At the Lowest Point on Earth, Tourists, Pilgrims and Hippies Mingle

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As i drive down the serpentine desert road, going lower and lower—eventually below sea level—a landscape comes into view that fits with how I imagine the surface of Mars to be. The Dead Sea is the lowest point on Earth and one of the most bizarre places to visit: a natural phenomenon with salt levels so high you float. Visitors come from all over the world to immerse themselves in the mineral-rich water, whether to treat a skin ailment (the water reputedly holds magical healing properties) or as part of a religious pilgrimage. Just an hour’s drive from the holy city of Jerusalem, the Dead Sea is a popular stop for many tour buses.

It is also shrinking. The spas and hotels are noticeably farther away from the shore; there are empty walkways where the water once reached, and tractors are sometimes needed to take tourists to and from the water’s edge. But still people come, a sight to behold as they make their way, beach bags in hand, through this dry, salty land where nothing grows. They are happy as they coat themselves with mud and float, enjoying views of Jordan across the sea and the Negev mountains behind them.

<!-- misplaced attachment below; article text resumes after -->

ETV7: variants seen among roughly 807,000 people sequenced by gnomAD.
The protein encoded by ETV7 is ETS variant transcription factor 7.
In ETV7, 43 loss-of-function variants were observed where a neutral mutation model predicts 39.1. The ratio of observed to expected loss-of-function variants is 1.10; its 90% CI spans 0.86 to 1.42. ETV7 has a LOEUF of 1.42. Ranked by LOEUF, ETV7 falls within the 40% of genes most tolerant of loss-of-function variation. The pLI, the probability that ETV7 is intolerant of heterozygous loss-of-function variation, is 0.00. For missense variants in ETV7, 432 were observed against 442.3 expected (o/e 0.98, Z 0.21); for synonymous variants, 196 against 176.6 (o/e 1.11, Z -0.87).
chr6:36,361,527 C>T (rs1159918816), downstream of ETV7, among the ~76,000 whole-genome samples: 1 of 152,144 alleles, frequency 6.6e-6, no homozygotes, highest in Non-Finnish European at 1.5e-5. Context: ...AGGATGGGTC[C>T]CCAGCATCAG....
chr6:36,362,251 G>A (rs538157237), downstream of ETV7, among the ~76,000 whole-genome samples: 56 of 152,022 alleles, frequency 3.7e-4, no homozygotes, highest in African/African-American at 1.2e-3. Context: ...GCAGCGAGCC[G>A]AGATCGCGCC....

David, a lifeguard at the Ein Gedi beach, moved the 240 kilometres from Acre 10 years ago. He is shocked when I ask him why. Ein Gedi, one of the larger beach and spa resorts, is crowded. David is barbecuing outside his lifeguard shack—his whole family has come to visit. They insist I join them for a beer and hot dog.

Later, camping farther down the Dead Sea coast, I meet Danny, or “Big D,” a religious hippie who spent many years living and working at the Chabad house in Berkeley and later in New York. Now back in Israel, Danny lives in a hand-built zula (shack) on what’s known as Shanti Beach and wears nothing but a kippah and loincloth. He offers me a morning coffee as he tends the fire. This laid-back, carefree stretch of the Dead Sea—where, unlike its other beaches, there is no fresh water or even a shower available—sits somewhat incongruously below a military checkpoint.

I meet visitors from Poland, Germany, South Korea, and Ukraine. I meet people who are doing a Buddhist course 40 kilometres away. I meet a retired Israeli cop who is there on holiday for the week. And a sweet Bedouin man named Soulami, from Arad, who tends to his camels nearby.

I leave the Dead Sea stroking my freshly softened skin. Driving back up the winding desert roads, I wonder at this place—so beautiful, outdated, and simply bizarre.


This article is from our Autumn 2020 issue. Read more Travel stories.

Post Date:

December 4, 2020